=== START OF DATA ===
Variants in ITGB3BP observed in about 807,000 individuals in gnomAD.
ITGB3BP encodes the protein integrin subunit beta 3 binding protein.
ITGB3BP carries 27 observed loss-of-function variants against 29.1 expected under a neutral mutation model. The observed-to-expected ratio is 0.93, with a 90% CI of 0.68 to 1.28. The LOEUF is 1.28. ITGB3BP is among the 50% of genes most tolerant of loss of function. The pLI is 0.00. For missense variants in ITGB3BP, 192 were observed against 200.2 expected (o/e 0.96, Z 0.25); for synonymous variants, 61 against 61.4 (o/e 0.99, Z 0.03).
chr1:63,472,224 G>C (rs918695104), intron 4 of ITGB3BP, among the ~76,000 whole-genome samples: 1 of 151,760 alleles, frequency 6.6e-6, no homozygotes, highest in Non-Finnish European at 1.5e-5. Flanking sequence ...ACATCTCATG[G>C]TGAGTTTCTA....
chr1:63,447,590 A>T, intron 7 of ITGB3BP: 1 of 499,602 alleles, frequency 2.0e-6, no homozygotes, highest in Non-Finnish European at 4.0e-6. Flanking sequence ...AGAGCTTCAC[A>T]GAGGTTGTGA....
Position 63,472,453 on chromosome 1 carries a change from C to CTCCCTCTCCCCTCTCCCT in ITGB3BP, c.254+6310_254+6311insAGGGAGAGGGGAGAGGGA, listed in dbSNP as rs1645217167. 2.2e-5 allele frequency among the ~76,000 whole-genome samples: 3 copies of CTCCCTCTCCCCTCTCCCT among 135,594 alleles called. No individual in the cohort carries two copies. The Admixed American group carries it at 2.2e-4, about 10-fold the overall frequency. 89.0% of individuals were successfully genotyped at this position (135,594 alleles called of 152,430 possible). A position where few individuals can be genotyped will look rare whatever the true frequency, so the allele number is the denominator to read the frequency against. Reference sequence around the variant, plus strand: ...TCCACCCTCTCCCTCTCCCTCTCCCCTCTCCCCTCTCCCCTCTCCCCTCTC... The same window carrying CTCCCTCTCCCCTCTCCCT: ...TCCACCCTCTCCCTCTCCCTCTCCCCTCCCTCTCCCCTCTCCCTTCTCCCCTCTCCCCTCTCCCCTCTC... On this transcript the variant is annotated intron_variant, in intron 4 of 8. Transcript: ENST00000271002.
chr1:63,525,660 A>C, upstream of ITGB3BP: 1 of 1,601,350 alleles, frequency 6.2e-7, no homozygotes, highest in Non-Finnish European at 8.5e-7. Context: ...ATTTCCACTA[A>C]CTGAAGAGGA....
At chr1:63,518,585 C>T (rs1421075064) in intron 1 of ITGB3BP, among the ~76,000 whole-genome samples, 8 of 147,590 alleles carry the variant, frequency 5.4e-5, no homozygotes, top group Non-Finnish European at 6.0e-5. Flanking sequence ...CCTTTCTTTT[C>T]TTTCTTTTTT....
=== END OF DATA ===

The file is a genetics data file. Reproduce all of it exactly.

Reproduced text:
Variants in ITGB3BP observed in about 807,000 individuals in gnomAD.
ITGB3BP encodes the protein integrin subunit beta 3 binding protein.
ITGB3BP carries 27 observed loss-of-function variants against 29.1 expected under a neutral mutation model. The observed-to-expected ratio is 0.93, with a 90% CI of 0.68 to 1.28. The LOEUF is 1.28. ITGB3BP is among the 50% of genes most tolerant of loss of function. The pLI is 0.00. For missense variants in ITGB3BP, 192 were observed against 200.2 expected (o/e 0.96, Z 0.25); for synonymous variants, 61 against 61.4 (o/e 0.99, Z 0.03).
chr1:63,472,224 G>C (rs918695104), intron 4 of ITGB3BP, among the ~76,000 whole-genome samples: 1 of 151,760 alleles, frequency 6.6e-6, no homozygotes, highest in Non-Finnish European at 1.5e-5. Flanking sequence ...ACATCTCATG[G>C]TGAGTTTCTA....
chr1:63,447,590 A>T, intron 7 of ITGB3BP: 1 of 499,602 alleles, frequency 2.0e-6, no homozygotes, highest in Non-Finnish European at 4.0e-6. Flanking sequence ...AGAGCTTCAC[A>T]GAGGTTGTGA....
Position 63,472,453 on chromosome 1 carries a change from C to CTCCCTCTCCCCTCTCCCT in ITGB3BP, c.254+6310_254+6311insAGGGAGAGGGGAGAGGGA, listed in dbSNP as rs1645217167. 2.2e-5 allele frequency among the ~76,000 whole-genome samples: 3 copies of CTCCCTCTCCCCTCTCCCT among 135,594 alleles called. No individual in the cohort carries two copies. The Admixed American group carries it at 2.2e-4, about 10-fold the overall frequency. 89.0% of individuals were successfully genotyped at this position (135,594 alleles called of 152,430 possible). A position where few individuals can be genotyped will look rare whatever the true frequency, so the allele number is the denominator to read the frequency against. Reference sequence around the variant, plus strand: ...TCCACCCTCTCCCTCTCCCTCTCCCCTCTCCCCTCTCCCCTCTCCCCTCTC... The same window carrying CTCCCTCTCCCCTCTCCCT: ...TCCACCCTCTCCCTCTCCCTCTCCCCTCCCTCTCCCCTCTCCCTTCTCCCCTCTCCCCTCTCCCCTCTC... On this transcript the variant is annotated intron_variant, in intron 4 of 8. Transcript: ENST00000271002.
chr1:63,525,660 A>C, upstream of ITGB3BP: 1 of 1,601,350 alleles, frequency 6.2e-7, no homozygotes, highest in Non-Finnish European at 8.5e-7. Context: ...ATTTCCACTA[A>C]CTGAAGAGGA....
At chr1:63,518,585 C>T (rs1421075064) in intron 1 of ITGB3BP, among the ~76,000 whole-genome samples, 8 of 147,590 alleles carry the variant, frequency 5.4e-5, no homozygotes, top group Non-Finnish European at 6.0e-5. Flanking sequence ...CCTTTCTTTT[C>T]TTTCTTTTTT....